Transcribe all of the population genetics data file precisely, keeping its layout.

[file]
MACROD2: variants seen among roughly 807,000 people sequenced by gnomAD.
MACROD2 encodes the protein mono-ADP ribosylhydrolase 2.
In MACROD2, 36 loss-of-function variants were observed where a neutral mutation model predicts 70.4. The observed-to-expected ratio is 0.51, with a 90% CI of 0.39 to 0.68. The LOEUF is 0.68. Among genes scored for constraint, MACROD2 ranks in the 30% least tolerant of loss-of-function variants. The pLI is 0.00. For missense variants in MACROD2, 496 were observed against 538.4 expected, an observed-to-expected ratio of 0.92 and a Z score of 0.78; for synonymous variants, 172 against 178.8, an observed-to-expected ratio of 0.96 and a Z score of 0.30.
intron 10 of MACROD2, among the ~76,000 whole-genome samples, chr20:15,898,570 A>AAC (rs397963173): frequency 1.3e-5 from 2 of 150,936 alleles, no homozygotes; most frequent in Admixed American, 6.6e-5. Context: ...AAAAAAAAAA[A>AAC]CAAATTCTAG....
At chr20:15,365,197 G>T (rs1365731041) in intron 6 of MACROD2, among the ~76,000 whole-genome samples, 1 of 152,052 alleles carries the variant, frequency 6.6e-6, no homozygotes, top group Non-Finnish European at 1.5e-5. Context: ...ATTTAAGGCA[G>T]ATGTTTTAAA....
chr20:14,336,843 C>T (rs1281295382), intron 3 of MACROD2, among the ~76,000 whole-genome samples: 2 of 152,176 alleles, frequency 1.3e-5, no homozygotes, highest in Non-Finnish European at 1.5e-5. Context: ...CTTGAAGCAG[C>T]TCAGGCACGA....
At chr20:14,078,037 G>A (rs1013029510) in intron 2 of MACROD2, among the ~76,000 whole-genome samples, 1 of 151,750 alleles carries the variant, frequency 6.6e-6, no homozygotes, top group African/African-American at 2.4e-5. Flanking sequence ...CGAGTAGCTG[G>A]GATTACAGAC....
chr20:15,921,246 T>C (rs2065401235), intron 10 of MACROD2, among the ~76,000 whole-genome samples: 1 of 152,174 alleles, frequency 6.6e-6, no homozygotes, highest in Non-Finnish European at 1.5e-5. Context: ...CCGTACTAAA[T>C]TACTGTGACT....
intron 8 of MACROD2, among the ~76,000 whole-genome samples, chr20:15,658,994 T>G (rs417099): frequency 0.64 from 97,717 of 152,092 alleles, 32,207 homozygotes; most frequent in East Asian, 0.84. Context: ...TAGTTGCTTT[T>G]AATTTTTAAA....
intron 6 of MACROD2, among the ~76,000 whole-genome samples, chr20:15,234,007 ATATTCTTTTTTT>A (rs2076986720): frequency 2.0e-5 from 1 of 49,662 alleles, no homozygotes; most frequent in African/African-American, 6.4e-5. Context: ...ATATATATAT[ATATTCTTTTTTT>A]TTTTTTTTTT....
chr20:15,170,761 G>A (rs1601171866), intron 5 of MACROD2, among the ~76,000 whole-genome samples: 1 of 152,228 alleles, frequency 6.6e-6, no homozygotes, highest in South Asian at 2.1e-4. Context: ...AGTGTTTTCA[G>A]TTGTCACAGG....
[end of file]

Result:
MACROD2: variants seen among roughly 807,000 people sequenced by gnomAD.
MACROD2 encodes the protein mono-ADP ribosylhydrolase 2.
In MACROD2, 36 loss-of-function variants were observed where a neutral mutation model predicts 70.4. The observed-to-expected ratio is 0.51, with a 90% CI of 0.39 to 0.68. The LOEUF is 0.68. Among genes scored for constraint, MACROD2 ranks in the 30% least tolerant of loss-of-function variants. The pLI is 0.00. For missense variants in MACROD2, 496 were observed against 538.4 expected, an observed-to-expected ratio of 0.92 and a Z score of 0.78; for synonymous variants, 172 against 178.8, an observed-to-expected ratio of 0.96 and a Z score of 0.30.
intron 10 of MACROD2, among the ~76,000 whole-genome samples, chr20:15,898,570 A>AAC (rs397963173): frequency 1.3e-5 from 2 of 150,936 alleles, no homozygotes; most frequent in Admixed American, 6.6e-5. Context: ...AAAAAAAAAA[A>AAC]CAAATTCTAG....
At chr20:15,365,197 G>T (rs1365731041) in intron 6 of MACROD2, among the ~76,000 whole-genome samples, 1 of 152,052 alleles carries the variant, frequency 6.6e-6, no homozygotes, top group Non-Finnish European at 1.5e-5. Context: ...ATTTAAGGCA[G>T]ATGTTTTAAA....
chr20:14,336,843 C>T (rs1281295382), intron 3 of MACROD2, among the ~76,000 whole-genome samples: 2 of 152,176 alleles, frequency 1.3e-5, no homozygotes, highest in Non-Finnish European at 1.5e-5. Context: ...CTTGAAGCAG[C>T]TCAGGCACGA....
At chr20:14,078,037 G>A (rs1013029510) in intron 2 of MACROD2, among the ~76,000 whole-genome samples, 1 of 151,750 alleles carries the variant, frequency 6.6e-6, no homozygotes, top group African/African-American at 2.4e-5. Flanking sequence ...CGAGTAGCTG[G>A]GATTACAGAC....
chr20:15,921,246 T>C (rs2065401235), intron 10 of MACROD2, among the ~76,000 whole-genome samples: 1 of 152,174 alleles, frequency 6.6e-6, no homozygotes, highest in Non-Finnish European at 1.5e-5. Context: ...CCGTACTAAA[T>C]TACTGTGACT....
intron 8 of MACROD2, among the ~76,000 whole-genome samples, chr20:15,658,994 T>G (rs417099): frequency 0.64 from 97,717 of 152,092 alleles, 32,207 homozygotes; most frequent in East Asian, 0.84. Context: ...TAGTTGCTTT[T>G]AATTTTTAAA....
intron 6 of MACROD2, among the ~76,000 whole-genome samples, chr20:15,234,007 ATATTCTTTTTTT>A (rs2076986720): frequency 2.0e-5 from 1 of 49,662 alleles, no homozygotes; most frequent in African/African-American, 6.4e-5. Context: ...ATATATATAT[ATATTCTTTTTTT>A]TTTTTTTTTT....
chr20:15,170,761 G>A (rs1601171866), intron 5 of MACROD2, among the ~76,000 whole-genome samples: 1 of 152,228 alleles, frequency 6.6e-6, no homozygotes, highest in South Asian at 2.1e-4. Context: ...AGTGTTTTCA[G>A]TTGTCACAGG....